100 Year Old Japanese
There lives a man near Fukushima Daiichi who became 100 years old this April.
He lived in Okuma Town where the Fuksuhima Daiichi nuclear power plant is situated.
Mr. Yoshida now lives in complex housing in Aizu-Wakamatsu City, Fukshima Prefecture, 100 km west of the crippled nuclear power plant.
When Mr. Yoshida was an elementary school boy, he moved to Tokyo with his family from Okuma Town. Then he experienced the historic 1923 Great Kanto Earthquake that took on tens of thousands of Tokyo citizens. So, he grew up in Tokyo to become an English teacher and get married. However, he was drafted to be sent to Manchuria in 1941 when the Second World War started.
As air raids by US air forces were intensified in Tokyo, his wife decided to move to Fukshima Prefecture though it was not easy to get a ticket of a train going out of Tokyo at the time. In February 1945, she got a chance to get on a train for Fukushima; it was one month before the Great Tokyo Air Raid where 100,000 Tokyo citizens were killed by bombing from B29s. She now thinks that if her trip had been delayed, she should have been killed.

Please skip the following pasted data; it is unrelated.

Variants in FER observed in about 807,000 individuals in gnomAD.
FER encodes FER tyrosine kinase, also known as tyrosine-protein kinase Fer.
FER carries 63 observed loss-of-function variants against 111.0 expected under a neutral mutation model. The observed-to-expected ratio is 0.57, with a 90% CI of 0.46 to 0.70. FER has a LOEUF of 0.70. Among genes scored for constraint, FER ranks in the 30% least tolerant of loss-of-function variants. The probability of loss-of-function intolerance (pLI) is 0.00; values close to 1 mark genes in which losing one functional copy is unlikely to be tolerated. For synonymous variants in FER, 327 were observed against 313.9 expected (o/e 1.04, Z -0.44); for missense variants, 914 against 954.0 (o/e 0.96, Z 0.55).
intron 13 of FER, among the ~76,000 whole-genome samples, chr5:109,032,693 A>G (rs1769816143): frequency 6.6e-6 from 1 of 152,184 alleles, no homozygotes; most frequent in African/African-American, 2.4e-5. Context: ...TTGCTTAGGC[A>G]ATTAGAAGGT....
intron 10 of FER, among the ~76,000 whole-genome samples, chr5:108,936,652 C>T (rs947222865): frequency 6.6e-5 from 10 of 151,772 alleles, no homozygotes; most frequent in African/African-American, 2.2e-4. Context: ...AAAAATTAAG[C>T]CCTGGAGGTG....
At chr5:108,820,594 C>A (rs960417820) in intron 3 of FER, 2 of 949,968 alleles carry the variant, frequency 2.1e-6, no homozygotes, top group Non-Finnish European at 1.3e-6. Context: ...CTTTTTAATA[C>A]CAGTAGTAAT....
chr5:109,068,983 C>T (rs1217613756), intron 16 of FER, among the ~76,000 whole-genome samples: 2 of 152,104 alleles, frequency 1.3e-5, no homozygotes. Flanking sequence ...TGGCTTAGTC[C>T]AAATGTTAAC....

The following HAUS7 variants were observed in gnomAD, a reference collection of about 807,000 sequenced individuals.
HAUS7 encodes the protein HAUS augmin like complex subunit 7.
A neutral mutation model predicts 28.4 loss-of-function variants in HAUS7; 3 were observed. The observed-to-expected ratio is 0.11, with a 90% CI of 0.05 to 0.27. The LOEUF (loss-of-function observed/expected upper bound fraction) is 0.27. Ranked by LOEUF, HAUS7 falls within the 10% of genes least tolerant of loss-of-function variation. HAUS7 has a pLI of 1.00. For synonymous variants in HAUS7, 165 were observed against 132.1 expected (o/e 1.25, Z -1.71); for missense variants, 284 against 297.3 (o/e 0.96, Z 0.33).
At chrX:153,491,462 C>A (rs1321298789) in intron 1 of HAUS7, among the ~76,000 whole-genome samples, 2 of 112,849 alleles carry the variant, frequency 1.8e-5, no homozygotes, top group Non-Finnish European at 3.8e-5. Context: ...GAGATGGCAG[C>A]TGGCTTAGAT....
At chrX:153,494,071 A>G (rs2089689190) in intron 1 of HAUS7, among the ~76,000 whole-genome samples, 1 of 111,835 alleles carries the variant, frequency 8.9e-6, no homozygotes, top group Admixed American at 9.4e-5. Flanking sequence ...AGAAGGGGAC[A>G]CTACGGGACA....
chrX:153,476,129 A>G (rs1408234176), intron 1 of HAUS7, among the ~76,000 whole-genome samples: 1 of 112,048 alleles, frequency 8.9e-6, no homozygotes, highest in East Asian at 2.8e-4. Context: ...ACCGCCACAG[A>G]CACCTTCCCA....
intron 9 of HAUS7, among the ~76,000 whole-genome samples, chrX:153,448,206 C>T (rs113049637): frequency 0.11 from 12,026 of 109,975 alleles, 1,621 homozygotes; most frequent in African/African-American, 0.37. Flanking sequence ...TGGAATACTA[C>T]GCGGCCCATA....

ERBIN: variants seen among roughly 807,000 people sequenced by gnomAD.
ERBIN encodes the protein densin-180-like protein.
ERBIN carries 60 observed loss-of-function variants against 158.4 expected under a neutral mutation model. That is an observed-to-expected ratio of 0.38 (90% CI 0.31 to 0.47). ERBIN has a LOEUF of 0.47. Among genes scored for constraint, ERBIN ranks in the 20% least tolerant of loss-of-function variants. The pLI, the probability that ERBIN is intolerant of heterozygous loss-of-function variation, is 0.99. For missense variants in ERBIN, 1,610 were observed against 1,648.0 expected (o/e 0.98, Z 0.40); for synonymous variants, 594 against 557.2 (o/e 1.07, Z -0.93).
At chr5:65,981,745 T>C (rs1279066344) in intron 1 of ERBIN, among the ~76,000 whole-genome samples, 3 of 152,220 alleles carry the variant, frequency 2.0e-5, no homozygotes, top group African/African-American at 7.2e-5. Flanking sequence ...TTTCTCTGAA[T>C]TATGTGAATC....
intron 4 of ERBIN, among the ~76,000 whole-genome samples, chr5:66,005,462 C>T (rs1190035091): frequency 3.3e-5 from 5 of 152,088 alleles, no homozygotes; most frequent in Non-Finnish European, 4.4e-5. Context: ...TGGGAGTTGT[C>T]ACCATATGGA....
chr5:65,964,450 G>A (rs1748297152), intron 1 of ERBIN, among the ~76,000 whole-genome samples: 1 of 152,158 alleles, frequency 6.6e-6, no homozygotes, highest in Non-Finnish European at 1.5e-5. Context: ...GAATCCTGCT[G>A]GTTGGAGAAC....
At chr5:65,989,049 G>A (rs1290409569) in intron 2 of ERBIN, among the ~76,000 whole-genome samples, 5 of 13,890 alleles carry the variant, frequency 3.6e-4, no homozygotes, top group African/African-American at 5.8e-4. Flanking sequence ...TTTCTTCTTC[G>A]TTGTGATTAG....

When the war was over, Mr. Yoshida was taken captive by Russian troops. He was forced to work in mines in Siberia for three years. But he had a luck to return to Japan in 1948. He started to teach English in school in Fukshima City, 70 km west of Fukushima Daiichi. After retirement, Mr. Yoshida moved to Okuma Town, his home town, where he started to spend the rest of his life with his 75-year old son and great-grandchildren. Then, in March of the last year, the nuclear power station in Okuma Town got into a big trouble within an hour of an M9.0 earthquake; the Fukushima Daiichi plant invited a huge nuclear accident when it was attacked by 15-meter-high tsunamis.
When the big earthquake occurred, Mr. Yoshida was in his home. A tsunami drove sea water up to a location 100 meters from his home. But he had to leave his home due to the nuclear accident leaving his estate behind.
Nonetheless Mr. Yoshida plans to go back to Okuma Town if it is more than five years from now that he is allowed to return to his home so close to Fukuhshima Daiichi.
As of September 2012, there are 51,376 people in Japan who are 100 years old or older. Mr. and Mrs. Yoshida are two of them.
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Act 9:15 But the Lord said unto him, Go thy way: for he is a chosen vessel unto me, to bear my name before the Gentiles, and kings, and the children of Israel: